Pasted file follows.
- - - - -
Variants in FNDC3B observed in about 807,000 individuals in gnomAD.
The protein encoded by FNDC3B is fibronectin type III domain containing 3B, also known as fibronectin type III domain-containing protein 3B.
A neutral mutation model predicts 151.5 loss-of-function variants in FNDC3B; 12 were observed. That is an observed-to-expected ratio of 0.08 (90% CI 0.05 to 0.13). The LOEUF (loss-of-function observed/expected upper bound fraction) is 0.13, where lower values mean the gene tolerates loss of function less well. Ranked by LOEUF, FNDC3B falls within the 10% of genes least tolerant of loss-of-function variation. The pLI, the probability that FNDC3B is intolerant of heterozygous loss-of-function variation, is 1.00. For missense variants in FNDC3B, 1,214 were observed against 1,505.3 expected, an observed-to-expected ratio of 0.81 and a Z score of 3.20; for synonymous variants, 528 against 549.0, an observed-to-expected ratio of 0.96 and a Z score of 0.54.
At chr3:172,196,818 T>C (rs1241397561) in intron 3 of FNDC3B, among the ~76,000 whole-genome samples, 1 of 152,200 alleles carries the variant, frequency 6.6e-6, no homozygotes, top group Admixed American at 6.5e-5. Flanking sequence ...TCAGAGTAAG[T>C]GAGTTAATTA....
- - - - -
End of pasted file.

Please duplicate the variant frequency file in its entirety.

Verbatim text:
Variants in FNDC3B observed in about 807,000 individuals in gnomAD.
The protein encoded by FNDC3B is fibronectin type III domain containing 3B, also known as fibronectin type III domain-containing protein 3B.
A neutral mutation model predicts 151.5 loss-of-function variants in FNDC3B; 12 were observed. That is an observed-to-expected ratio of 0.08 (90% CI 0.05 to 0.13). The LOEUF (loss-of-function observed/expected upper bound fraction) is 0.13, where lower values mean the gene tolerates loss of function less well. Ranked by LOEUF, FNDC3B falls within the 10% of genes least tolerant of loss-of-function variation. The pLI, the probability that FNDC3B is intolerant of heterozygous loss-of-function variation, is 1.00. For missense variants in FNDC3B, 1,214 were observed against 1,505.3 expected, an observed-to-expected ratio of 0.81 and a Z score of 3.20; for synonymous variants, 528 against 549.0, an observed-to-expected ratio of 0.96 and a Z score of 0.54.
At chr3:172,196,818 T>C (rs1241397561) in intron 3 of FNDC3B, among the ~76,000 whole-genome samples, 1 of 152,200 alleles carries the variant, frequency 6.6e-6, no homozygotes, top group Admixed American at 6.5e-5. Flanking sequence ...TCAGAGTAAG[T>C]GAGTTAATTA....